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Medical Marijuana Tag

Former President Barack Obama made no effort to stop states that voted to legalize recreational marijuana, but never took to steps legalize the drug at the federal level. Tuesday, Attorney General Jeff Sessions suggested he will undo everything Obama did:
“We have a responsibility to use our best judgment … and my view is we don’t need to be legalizing marijuana,” he said at the winter meeting of the National Association of Attorneys General. “I’m dubious about marijuana. I’m not sure we’re going to be a better, healthier nation if we have marijuana sold at every corner grocery store.”

Colorado and Washington, two states that sell marijuana legally, enjoyed hefty sales on the drug in 2016. Colorado sold more than $1.3 billion worth of marijuana and marijuana products while Washington saw $972 million during its 2016 fiscal year. The legal sales meant more tax revenue for the states, which brought in $200 million for Colorado.

The marijuana legalization brigade has made great strides in their efforts to legalize medical marijuana in a large number of states, and they only seem to fail (for the time being, anyway) when they go too far and push for too much as they did this year in Florida. While seeing great success across this country, the progressive push for legal pot is having unintended consequences for Mexican pot farmers who are seeing their profits diminish as more states pass pot-friendly laws and the Obama administration refuses to close the border or enforce our nation's existing laws regarding the growth and sale of marijuana when such laws "clash" with the new states' laws. The Los Angeles Times reports:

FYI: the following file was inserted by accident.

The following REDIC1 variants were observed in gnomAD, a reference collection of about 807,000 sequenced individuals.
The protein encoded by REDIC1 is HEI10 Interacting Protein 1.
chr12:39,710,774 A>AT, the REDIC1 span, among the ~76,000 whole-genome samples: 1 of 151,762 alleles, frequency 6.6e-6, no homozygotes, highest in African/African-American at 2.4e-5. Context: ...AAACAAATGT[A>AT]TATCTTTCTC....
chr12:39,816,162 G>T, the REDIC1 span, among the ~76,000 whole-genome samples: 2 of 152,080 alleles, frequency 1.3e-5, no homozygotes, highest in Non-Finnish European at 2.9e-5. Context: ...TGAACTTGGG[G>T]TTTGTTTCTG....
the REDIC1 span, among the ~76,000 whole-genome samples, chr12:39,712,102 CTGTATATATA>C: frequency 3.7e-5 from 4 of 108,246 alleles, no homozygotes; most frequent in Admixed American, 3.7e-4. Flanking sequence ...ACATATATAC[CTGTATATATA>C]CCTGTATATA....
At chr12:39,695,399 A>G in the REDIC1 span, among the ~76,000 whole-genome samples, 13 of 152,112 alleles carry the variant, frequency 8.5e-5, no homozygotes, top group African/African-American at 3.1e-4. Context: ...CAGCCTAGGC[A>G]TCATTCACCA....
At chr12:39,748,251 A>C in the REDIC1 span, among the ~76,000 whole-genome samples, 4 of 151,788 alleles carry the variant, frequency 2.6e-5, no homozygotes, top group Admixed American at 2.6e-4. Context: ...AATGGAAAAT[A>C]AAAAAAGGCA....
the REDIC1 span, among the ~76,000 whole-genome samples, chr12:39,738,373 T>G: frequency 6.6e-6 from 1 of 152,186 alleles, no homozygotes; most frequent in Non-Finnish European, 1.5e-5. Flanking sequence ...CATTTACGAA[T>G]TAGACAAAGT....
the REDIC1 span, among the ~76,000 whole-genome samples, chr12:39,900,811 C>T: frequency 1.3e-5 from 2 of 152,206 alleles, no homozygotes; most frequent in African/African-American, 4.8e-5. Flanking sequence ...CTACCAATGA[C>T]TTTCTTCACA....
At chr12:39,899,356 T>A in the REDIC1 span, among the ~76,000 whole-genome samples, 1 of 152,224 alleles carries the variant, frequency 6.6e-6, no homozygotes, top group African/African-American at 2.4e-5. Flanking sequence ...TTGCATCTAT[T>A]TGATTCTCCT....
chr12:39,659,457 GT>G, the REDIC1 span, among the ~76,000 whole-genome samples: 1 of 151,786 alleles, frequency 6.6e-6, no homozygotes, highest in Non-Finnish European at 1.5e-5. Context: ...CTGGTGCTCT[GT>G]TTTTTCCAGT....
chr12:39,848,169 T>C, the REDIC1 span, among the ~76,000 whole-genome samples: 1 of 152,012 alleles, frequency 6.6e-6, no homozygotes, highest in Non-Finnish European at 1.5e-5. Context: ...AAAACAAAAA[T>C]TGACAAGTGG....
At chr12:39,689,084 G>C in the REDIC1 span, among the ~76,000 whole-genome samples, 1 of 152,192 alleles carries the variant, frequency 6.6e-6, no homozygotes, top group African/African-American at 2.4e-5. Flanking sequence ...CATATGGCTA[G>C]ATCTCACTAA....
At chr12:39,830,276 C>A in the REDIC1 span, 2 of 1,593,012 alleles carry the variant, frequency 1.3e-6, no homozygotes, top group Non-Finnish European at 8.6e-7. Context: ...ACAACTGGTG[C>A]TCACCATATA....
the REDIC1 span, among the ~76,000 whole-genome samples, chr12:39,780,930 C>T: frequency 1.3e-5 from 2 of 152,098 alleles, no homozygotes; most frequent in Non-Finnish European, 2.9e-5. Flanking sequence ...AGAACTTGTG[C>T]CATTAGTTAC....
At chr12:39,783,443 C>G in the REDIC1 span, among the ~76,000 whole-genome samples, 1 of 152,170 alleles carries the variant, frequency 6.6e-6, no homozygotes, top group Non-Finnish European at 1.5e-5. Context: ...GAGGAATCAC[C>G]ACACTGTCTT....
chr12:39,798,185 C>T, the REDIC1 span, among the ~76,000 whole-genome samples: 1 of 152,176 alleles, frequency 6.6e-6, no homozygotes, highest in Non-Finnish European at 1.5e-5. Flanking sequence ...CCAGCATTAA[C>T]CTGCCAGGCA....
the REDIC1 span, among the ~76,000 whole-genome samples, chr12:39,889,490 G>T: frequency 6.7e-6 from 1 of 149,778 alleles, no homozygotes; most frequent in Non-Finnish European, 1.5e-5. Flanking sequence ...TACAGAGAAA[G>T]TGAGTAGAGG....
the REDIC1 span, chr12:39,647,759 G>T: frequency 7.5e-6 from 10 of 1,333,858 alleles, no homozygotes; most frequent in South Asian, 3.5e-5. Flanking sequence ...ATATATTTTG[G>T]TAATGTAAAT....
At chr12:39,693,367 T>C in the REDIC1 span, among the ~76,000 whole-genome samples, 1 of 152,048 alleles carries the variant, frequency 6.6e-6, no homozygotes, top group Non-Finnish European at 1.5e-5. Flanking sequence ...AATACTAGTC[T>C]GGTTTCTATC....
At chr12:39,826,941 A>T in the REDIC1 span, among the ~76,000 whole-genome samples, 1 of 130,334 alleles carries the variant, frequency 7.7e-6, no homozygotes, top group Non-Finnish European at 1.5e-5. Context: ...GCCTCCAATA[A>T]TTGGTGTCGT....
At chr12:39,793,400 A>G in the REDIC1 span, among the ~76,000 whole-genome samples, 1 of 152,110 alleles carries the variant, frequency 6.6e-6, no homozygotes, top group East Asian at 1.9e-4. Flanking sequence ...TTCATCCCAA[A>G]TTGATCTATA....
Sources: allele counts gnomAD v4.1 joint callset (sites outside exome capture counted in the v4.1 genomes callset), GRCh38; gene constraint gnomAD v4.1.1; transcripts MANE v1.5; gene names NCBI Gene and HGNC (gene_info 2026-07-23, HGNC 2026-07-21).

Berkeley has gone full California with its latest decision requiring medical marijuana dispensaries to give away at least 2% of their product to low income patients making less than $32,000 a year. The ordinance passed last month, and barring any hurdles will go into effect in August 2015. Reactions have been predictably mixed:
Bishop Ron Allen, a former addict and head of the International Faith Based Coalition, told Fox News he doesn't understand why the California city would want to dump pot on the impoverished. “It's ludicrous, over-the-top madness,” Allen said. “Why would Berkeley City Council want to keep their poverty-stricken under-served high, in poverty and lethargic?” John Lovell, a lobbyist for the California Narcotic Officers' Association, agrees. “Instead of taking steps to help the most economically vulnerable residents get out of that state, the city has said, ‘Let's just get everybody high,'” Lovell told The New York Times. But others, like Mason Tvert, director of communications at the Marijuana Policy Project, say it's a community program. Tvert told Fox News that the decision to provide the drug to some of its low-income residents is up to the community. “So it's a matter of the democratic process, people following the state's laws, and this law appears to accommodate both of those,” he said.
California dispensaries are prohibited by law from turning a profit, and some proprietors have already embraced the new program in one way or another. California legalized medical marijuana 20 years ago, and some dispensaries made the choice years ago to willingly donate portions of their product.